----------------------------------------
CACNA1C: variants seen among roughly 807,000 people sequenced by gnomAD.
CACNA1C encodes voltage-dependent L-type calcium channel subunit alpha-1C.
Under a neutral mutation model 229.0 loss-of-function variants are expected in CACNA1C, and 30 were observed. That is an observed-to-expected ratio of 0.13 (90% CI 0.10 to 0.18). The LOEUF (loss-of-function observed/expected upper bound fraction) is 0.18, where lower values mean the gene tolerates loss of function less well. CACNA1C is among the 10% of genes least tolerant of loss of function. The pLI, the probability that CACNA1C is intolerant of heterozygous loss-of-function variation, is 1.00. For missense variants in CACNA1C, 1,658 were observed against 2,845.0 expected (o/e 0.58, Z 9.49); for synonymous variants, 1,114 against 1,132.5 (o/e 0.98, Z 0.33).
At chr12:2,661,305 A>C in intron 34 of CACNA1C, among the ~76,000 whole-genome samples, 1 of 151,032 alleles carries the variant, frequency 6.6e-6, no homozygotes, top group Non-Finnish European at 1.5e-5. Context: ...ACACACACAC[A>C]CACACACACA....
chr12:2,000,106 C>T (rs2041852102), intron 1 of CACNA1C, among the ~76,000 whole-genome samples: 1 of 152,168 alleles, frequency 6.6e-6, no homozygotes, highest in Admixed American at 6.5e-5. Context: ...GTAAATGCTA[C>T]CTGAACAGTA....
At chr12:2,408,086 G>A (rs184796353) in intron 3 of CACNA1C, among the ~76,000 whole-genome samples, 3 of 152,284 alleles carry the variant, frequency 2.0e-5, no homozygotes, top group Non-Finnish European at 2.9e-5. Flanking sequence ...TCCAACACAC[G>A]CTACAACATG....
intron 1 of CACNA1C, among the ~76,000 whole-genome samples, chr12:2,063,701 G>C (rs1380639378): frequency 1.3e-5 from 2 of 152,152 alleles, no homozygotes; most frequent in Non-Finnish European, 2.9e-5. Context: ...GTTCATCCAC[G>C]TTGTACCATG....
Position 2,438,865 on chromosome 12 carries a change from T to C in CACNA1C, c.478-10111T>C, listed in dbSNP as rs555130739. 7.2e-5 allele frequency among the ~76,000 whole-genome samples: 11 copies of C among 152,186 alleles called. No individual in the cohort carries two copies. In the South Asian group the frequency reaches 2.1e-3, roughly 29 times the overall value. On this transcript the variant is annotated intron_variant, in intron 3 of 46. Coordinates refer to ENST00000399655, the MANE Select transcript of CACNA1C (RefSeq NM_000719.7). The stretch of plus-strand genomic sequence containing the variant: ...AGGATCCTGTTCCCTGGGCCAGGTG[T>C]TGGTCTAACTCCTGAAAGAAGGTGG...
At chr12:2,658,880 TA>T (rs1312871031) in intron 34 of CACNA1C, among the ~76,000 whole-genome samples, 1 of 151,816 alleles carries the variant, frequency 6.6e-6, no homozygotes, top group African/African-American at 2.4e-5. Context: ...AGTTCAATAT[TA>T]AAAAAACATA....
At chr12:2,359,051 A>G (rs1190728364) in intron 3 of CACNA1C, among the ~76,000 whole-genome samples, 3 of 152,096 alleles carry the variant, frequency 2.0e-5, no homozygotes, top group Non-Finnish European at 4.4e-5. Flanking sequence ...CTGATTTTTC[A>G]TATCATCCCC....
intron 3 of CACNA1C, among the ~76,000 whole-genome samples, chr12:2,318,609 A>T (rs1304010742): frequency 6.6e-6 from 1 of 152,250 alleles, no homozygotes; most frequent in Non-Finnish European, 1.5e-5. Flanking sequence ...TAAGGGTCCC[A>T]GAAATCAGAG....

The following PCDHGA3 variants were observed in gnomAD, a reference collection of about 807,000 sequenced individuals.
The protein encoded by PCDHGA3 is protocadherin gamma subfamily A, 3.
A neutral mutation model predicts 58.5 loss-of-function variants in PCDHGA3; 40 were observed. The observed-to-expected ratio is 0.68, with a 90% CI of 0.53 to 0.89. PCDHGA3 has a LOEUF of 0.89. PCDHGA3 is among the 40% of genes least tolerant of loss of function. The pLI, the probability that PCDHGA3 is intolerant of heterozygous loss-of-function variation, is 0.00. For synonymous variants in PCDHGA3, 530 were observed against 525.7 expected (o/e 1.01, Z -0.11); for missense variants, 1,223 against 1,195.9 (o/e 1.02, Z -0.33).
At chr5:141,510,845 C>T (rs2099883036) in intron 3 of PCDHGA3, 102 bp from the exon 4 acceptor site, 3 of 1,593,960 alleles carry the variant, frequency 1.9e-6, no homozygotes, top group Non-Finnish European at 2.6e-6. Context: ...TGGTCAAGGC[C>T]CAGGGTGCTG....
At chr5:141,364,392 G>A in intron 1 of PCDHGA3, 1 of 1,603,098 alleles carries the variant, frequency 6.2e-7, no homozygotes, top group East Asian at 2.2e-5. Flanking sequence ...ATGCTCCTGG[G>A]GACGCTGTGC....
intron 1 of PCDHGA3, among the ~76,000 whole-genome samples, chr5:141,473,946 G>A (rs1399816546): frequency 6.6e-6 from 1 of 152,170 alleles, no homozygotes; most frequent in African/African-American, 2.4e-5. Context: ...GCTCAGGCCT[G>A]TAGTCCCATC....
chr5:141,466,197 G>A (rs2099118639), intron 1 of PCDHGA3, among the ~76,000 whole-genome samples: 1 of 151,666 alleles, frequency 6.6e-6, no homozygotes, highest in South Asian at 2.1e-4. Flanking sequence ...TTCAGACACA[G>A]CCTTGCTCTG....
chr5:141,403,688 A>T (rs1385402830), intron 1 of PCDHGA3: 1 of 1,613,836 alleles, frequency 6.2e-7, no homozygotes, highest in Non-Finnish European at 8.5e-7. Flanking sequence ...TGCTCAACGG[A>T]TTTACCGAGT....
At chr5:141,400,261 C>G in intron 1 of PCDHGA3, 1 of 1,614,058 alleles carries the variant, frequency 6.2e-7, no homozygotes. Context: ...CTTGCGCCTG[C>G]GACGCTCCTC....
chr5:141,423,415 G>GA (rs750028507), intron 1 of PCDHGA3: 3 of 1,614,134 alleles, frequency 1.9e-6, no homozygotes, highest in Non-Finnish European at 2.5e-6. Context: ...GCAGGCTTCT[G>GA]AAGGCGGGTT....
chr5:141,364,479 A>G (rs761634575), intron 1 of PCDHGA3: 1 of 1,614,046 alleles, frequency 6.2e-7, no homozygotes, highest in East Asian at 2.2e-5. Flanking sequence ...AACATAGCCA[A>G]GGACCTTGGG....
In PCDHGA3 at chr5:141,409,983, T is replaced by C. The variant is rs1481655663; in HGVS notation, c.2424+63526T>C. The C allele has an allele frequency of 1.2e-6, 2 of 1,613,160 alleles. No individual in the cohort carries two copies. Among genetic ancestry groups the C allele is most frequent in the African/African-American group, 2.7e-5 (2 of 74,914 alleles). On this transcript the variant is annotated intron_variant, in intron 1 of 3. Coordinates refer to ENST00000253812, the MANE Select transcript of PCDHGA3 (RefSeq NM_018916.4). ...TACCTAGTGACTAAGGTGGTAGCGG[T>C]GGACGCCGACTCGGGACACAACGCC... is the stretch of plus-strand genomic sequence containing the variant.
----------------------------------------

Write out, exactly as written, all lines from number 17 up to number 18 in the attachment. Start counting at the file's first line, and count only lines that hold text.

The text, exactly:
intron 1 of PCDHGA3, among the ~76,000 whole-genome samples, chr5:141,473,946 G>A (rs1399816546): frequency 6.6e-6 from 1 of 152,170 alleles, no homozygotes; most frequent in African/African-American, 2.4e-5. Context: ...GCTCAGGCCT[G>A]TAGTCCCATC....
chr5:141,466,197 G>A (rs2099118639), intron 1 of PCDHGA3, among the ~76,000 whole-genome samples: 1 of 151,666 alleles, frequency 6.6e-6, no homozygotes, highest in South Asian at 2.1e-4. Flanking sequence ...TTCAGACACA[G>A]CCTTGCTCTG....